As Black Lives Matter protests swept the globe this summer, members of the United Kingdom’s Parliament began looking more deeply into the art that lines Westminster Hall.
Now, reports Rajeev Syal for the Guardian, an initial review has found that 189 of the collection’s 9,500 works depict 24 people linked to the slave trade. Another five 19th-century satirical prints contain racist content. At the other end of the spectrum, 40 works in the Parliamentary Art Collection portray 14 abolitionists. Per a statement, the list of relevant artworks will be updated as research continues.
The early findings demonstrate how some of the U.K.’s most powerful people benefited from enslavement. Robert Peel, a 19th-century politician who twice served as prime minister, in addition to founding London’s modern police force, came from a family with interests in the slave trade. So did 19th-century prime ministers Robert Banks Jenkinson, 2nd Earl of Liverpool, and William Gladstone. The latter’s father was one of the most prolific plantation owners in the West Indies, exploiting hundreds of enslaved workers to ensure a steady supply of sugar and cotton. As a member of Parliament, Gladstone protected his family’s financial interests by speaking out against abolition. The collection includes dozens of portraits and statues of both Peel and Gladstone; Liverpool is cited twice.
According to Harry Yorke of the Telegraph, the trio’s inclusion may “stir debate among historians,” as Peel, though the son of a cotton trader, campaigned for abolition, while Liverpool and Gladstone’s views shifted over time.
Speaking with the Guardian’s Syal in June, collection curator Melissa Hamnett said that the Black Lives Matter movement inspired Parliament to investigate how its art was connected to a history of exploitation and cruelty.
“The British empire is part of our story and we have to recognize that many of our collections have a racist history,” she explained. “Let’s be honest about that colonial and imperial past and also look at the slave-owning wealth that endowed some of the artifacts.”
In recent years, British researchers have increasingly started looking into slavery’s long-lasting impact on British wealth and the economies of former colonies.
“Slavery has left the most terrible marks and legacies on not just people’s material lives—which it has; the levels of inequality, the levels of under-development of the Caribbean in terms of health and education are deeply shocking—but there’s also the psychic histories connected with that,” Catherine Hall, a historian at University College London, told the Guardian’s Sam Jones in 2013. “They aren’t just over. They carry on.”
Per the Art Newspaper’s Gareth Harris, an advisory committee made up of members of Parliament will conduct a full review of the governing body’s artwork. In addition to looking at ties to slavery, the committee has pledged to address the representation of people of color in the collection, as well as commission a “significant artwork to permanently mark the impact of Parliament on Black, Asian and other ethnic minority peoples and/or the contribution of Black, Asian and other ethnic minority people to Parliament and its activities, for permanent display in Parliament.”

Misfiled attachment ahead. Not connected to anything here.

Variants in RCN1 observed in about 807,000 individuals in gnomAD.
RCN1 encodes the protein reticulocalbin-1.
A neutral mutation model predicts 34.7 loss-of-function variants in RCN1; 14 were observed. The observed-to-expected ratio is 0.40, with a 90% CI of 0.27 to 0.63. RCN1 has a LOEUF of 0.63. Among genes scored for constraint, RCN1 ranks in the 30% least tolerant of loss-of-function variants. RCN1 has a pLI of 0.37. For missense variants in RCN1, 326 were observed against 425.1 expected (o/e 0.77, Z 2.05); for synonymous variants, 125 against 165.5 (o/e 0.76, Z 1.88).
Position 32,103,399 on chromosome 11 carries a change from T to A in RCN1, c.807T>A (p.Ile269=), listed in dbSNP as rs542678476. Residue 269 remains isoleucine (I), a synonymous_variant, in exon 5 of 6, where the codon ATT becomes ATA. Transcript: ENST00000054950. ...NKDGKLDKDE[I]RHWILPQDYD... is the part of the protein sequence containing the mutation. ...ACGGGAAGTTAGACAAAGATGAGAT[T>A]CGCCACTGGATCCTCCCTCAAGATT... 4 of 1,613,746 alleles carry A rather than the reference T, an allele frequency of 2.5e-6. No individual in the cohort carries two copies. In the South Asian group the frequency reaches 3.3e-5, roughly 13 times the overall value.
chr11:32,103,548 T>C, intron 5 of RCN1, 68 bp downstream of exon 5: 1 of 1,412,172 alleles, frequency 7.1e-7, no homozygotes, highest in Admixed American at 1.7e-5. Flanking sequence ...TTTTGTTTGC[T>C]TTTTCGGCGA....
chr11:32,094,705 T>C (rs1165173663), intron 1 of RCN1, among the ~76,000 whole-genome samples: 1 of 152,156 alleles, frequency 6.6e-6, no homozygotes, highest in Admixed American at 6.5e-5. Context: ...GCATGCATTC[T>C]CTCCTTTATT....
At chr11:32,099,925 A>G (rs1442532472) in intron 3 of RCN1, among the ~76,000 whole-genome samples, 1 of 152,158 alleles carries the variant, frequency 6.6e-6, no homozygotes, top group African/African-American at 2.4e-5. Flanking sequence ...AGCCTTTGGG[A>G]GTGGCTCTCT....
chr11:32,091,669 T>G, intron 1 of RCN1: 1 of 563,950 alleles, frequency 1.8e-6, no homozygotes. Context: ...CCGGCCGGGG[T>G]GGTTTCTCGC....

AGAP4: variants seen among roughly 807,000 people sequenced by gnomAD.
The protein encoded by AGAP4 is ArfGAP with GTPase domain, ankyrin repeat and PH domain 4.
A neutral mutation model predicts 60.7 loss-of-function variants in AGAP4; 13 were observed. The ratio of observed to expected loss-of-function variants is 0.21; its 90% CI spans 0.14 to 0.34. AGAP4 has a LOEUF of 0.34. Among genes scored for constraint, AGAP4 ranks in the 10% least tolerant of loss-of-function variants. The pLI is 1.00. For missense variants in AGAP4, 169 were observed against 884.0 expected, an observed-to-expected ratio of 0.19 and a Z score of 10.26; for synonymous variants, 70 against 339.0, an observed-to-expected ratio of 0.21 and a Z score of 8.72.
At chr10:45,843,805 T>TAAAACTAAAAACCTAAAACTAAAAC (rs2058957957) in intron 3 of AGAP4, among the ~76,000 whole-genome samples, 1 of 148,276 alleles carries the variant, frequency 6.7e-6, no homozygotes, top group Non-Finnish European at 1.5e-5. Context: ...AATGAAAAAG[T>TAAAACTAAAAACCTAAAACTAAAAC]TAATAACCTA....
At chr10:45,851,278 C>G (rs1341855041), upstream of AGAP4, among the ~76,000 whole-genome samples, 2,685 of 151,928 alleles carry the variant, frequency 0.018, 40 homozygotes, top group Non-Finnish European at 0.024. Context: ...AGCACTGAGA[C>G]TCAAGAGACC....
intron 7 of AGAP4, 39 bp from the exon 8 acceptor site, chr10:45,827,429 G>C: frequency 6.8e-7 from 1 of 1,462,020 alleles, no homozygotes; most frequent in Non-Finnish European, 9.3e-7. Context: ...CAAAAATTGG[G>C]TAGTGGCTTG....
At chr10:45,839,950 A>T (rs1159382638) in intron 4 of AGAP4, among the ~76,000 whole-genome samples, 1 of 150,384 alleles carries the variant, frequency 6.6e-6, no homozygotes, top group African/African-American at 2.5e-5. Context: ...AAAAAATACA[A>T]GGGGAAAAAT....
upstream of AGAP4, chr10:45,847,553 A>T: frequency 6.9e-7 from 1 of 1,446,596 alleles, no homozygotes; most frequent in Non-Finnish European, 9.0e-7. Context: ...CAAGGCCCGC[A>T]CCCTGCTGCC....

Currently, the Guardian notes, only two of 300 statues on the parliamentary estate depict people of color: Learie Constantine, the first black member of the House of Peers, and abolitionist Olaudah Equiano.
Parliament’s decision to examine its art collection comes at a time when Brits are placing art’s historical and racial context under increased scrutiny. In June, protesters in Bristol, England, toppled a statue of slave trader Edward Colston and threw it into the harbor. And, in response to outcry over the celebration of figures involved in enslavement, the British Museum made changes to several displays, including moving a bust of its founder, Hans Sloane, a naturalist who profited from slavery in Jamaica.
The British government is now warning cultural institutions not to remove statues based on protesters’ demands, reports Reuters. In a recent letter to the British Museum, the National Gallery, Tate and other prominent collections, culture minister Oliver Dowden said that taking down potentially offensive works could jeopardize the institutions’ public funding.
“Some represent figures who have said or done things which we may find deeply offensive and would not defend today,” Dowden added. “But though we may now disagree with those who created them or who they represent, they play an important role in teaching us about our past, with all its faults.”
Numerous observers have criticized Dowden’s letter as state censorship in service of culture war politics.
“History is littered with autocrats instructing museum curators on what to exhibit,” wrote Member of Parliament David Lammy on Twitter.
The parliamentary committee may opt to add plaques or labels explaining sitters’ links to the slave trade, or perhaps provide audio guides, leaflets and web biographies addressing what Member of Parliament Hywell Williams, chairman of the Speaker’s Advisory Committee, describes to the Telegraph as the “controversial” and “unacceptable” parts of their lives.
“The intention of the Parliamentary Art Collection is not to venerate people who have supported and committed acts of atrocity,” the statement explains, “but to truthfully reflect the history of Parliament, our democracy and the people who played a part in it.”